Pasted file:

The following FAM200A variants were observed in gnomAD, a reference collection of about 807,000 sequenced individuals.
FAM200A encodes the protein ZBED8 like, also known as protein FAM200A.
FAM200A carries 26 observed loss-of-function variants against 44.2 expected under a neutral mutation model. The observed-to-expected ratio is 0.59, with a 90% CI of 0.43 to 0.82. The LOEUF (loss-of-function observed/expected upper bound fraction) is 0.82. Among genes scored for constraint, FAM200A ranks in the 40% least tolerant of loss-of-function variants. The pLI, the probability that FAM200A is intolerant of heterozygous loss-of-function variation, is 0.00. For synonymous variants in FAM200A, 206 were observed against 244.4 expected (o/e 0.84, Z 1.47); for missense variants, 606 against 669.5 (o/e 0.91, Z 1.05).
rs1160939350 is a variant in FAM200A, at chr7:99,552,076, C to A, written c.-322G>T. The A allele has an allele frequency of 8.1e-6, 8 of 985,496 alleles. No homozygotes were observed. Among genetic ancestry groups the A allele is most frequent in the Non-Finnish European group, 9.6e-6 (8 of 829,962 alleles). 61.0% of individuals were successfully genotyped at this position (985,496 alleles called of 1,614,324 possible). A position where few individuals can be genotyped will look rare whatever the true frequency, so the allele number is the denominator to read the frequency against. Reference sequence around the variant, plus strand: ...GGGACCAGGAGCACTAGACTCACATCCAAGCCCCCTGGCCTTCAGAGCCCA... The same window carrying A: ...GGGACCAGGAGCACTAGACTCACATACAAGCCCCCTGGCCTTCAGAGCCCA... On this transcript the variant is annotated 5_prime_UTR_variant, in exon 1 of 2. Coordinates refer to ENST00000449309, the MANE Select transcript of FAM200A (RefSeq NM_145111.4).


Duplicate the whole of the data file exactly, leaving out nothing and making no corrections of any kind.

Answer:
The following FAM200A variants were observed in gnomAD, a reference collection of about 807,000 sequenced individuals.
FAM200A encodes the protein ZBED8 like, also known as protein FAM200A.
FAM200A carries 26 observed loss-of-function variants against 44.2 expected under a neutral mutation model. The observed-to-expected ratio is 0.59, with a 90% CI of 0.43 to 0.82. The LOEUF (loss-of-function observed/expected upper bound fraction) is 0.82. Among genes scored for constraint, FAM200A ranks in the 40% least tolerant of loss-of-function variants. The pLI, the probability that FAM200A is intolerant of heterozygous loss-of-function variation, is 0.00. For synonymous variants in FAM200A, 206 were observed against 244.4 expected (o/e 0.84, Z 1.47); for missense variants, 606 against 669.5 (o/e 0.91, Z 1.05).
rs1160939350 is a variant in FAM200A, at chr7:99,552,076, C to A, written c.-322G>T. The A allele has an allele frequency of 8.1e-6, 8 of 985,496 alleles. No homozygotes were observed. Among genetic ancestry groups the A allele is most frequent in the Non-Finnish European group, 9.6e-6 (8 of 829,962 alleles). 61.0% of individuals were successfully genotyped at this position (985,496 alleles called of 1,614,324 possible). A position where few individuals can be genotyped will look rare whatever the true frequency, so the allele number is the denominator to read the frequency against. Reference sequence around the variant, plus strand: ...GGGACCAGGAGCACTAGACTCACATCCAAGCCCCCTGGCCTTCAGAGCCCA... The same window carrying A: ...GGGACCAGGAGCACTAGACTCACATACAAGCCCCCTGGCCTTCAGAGCCCA... On this transcript the variant is annotated 5_prime_UTR_variant, in exon 1 of 2. Coordinates refer to ENST00000449309, the MANE Select transcript of FAM200A (RefSeq NM_145111.4).